New Nepal government totters as ally pulls out over deputy PM (Lead)

June 5th, 2009 - 5:48 pm ICT by IANS  

By Sudeshna Sarkar
Kathmandu, June 5 (IANS) Within 24 hours of inducting eight new members into the cabinet, Nepal’s new coalition government headed by Prime Minister Madhav Kumar Nepal was plunged into a fresh crisis Friday with a key ally withdrawing support and expelling its lone member in the council of ministers.

Regional party Madhesi Janadhikar Forum, which had been sharply divided on the issue of joining the new communist government, said it had expelled its parliamentary party chief Bijay Kumar Gachhedar, who was sworn in as deputy prime minister as well as physical planning and works minister Thursday, along with six other dissidents for “anti-party activities”.

“The new government is unconstitutional and undemocratic,” said Upendra Yadav, former foreign minister and chief of the Terai party that rose to prominence in the last election with its pledge to fight for the rights of Madhesis, people of Indian origin living in the plains who have been ignored by a succession of governments.

“Prime Minister Madhav Kumar Nepal and (his main coalition partner) the Nepali Congress have been involved in a conspiracy against Madhes (the autonomous state demanded by Madhesis) and to divide our party. We are withdrawing our support and will sit in opposition.”

The splintered MJF has called a shutdown in over two dozen districts in the Terai plains in southern Nepal Sunday to strike yet another blow against the Nepal government. Yadav said it will start a protest movement on the streets as well as parliament.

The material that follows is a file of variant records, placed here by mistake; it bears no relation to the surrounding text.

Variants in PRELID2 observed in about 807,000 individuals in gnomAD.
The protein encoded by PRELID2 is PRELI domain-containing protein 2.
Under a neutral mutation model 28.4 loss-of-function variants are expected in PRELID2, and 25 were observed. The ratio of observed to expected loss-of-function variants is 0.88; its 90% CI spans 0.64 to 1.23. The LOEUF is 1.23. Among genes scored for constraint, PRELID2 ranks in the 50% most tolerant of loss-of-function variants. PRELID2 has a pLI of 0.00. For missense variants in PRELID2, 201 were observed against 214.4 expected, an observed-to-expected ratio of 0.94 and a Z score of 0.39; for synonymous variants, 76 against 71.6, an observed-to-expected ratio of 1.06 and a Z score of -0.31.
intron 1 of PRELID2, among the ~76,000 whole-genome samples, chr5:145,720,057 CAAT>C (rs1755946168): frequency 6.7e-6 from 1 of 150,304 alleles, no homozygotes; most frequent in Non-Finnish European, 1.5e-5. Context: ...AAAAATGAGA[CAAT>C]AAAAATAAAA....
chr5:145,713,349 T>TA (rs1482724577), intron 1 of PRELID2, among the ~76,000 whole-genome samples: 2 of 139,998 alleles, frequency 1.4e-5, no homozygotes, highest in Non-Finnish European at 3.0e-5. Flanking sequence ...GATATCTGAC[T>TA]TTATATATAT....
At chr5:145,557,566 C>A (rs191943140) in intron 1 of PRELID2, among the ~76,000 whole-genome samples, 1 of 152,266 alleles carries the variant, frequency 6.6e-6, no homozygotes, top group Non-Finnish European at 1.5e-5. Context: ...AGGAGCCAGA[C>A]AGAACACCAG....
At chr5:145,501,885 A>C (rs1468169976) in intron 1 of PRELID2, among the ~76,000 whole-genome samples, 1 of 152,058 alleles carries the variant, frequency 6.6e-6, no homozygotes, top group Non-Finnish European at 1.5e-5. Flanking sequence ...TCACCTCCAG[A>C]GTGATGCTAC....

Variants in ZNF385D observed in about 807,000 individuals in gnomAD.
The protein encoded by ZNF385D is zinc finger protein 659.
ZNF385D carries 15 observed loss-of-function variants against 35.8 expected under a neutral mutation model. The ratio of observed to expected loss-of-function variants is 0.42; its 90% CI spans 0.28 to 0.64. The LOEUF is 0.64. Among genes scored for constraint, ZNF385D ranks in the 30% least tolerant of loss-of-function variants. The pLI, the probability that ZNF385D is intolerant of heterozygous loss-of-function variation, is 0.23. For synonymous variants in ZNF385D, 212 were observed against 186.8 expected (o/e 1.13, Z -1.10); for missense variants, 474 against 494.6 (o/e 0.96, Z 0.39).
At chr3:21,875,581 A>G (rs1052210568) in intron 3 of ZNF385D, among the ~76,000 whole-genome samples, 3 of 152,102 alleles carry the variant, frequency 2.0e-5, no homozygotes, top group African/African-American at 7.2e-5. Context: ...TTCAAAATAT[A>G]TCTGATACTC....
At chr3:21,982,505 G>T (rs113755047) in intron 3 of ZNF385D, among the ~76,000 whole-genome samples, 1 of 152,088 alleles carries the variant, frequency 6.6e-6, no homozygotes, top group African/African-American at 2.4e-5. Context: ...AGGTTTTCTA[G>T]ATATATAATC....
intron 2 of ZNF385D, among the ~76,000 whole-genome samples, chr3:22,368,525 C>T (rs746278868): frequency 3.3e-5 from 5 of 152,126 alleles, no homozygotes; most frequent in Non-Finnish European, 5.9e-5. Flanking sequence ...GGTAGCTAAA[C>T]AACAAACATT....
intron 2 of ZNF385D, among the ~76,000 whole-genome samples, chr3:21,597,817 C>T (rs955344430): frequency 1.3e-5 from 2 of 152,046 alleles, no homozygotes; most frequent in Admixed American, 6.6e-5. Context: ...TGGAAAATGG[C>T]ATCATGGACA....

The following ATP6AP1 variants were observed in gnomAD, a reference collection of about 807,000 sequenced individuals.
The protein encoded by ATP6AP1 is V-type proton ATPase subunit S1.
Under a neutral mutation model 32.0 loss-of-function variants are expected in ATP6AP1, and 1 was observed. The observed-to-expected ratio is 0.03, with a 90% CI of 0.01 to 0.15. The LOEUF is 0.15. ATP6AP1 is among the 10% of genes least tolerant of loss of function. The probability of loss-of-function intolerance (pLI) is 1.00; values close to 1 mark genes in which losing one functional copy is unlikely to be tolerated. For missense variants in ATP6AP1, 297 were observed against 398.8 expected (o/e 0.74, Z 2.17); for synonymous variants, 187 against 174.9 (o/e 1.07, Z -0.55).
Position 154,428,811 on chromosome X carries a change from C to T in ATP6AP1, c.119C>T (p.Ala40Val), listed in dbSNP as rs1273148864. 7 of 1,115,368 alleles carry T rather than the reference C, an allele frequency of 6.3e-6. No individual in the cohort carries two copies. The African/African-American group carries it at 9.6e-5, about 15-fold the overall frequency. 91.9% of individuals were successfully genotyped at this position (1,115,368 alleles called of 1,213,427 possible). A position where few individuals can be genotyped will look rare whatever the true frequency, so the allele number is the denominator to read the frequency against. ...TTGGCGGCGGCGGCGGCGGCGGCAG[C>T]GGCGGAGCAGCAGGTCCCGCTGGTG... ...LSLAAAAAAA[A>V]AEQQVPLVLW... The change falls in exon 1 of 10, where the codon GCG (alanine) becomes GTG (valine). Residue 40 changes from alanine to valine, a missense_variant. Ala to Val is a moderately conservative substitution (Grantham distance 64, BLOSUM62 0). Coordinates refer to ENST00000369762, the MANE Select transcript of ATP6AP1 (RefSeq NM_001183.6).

The MJF, the fourth largest party in the house with 53 lawmakers, played a decisive role in Nepal becoming elected as prime minister after the fall of the Maoist government last month. Yadav claimed that most of the MPs were with him.

Till today, 28 of them have signed a petition against Gachhedar, asking for his recall.

The two factions have been locked in a fierce rivalry for power which caused the expansion of the cabinet to be delayed by more than a week.

Violence simmered in the party office Friday with the Yadav faction padlocking the door to prevent a triumphant Gachhedar from entering.

The feud erupted last month after the fall of the Maoist government with the Yadav faction desiring to stay with the former guerrilla party but the Gachhedar faction insisted on joining forces with the new communist government.

Besides the Terai party, there is also sharp divide in the other key ally of the government, the Nepali Congress of former prime minister Girija Prasad Koirala, after the octogenarian leader, who was given a free hand by his party to choose the new ministers, picked his daughter Sujata Koirala to lead his party in the government.

Sujata Koirala was sworn in Thursday as foreign minister while the five other NC members inducted with her are yet to be allocated portfolios.

Nepal’s own party, the Communist Party of Nepal-Unified Marxist Leninist, also failed to send additional members after disputes persisted over the new nominations.

Besides the infighting, the new prime minister has to also deal with continuous street protests by the Maoists, who are demanding a debate in parliament on the role of President Ram Baran Yadav.

The Maoist government fell after the president reinstated the chief of the army, Gen Rookmangud Katawal, whom it had sacked.

On Friday, scores of Maoists, including their former finance minister Baburam Bhattarai and ex-information and communications minister Krishna Bahadur Mahara defied police to stage a sit-in before the Prime Minister’s Office, condemning the presidential move.

It led to a clash, with Bhattarai sustaining minor injuries.

The new turbulence is especially alarming for India with the former guerrillas now having added an anti-India agenda to the protests. They are accusing India of encroaching on Nepal’s territory and the Indian border security forces, the Seema Suraksha Bal, of assaulting and raping villagers.

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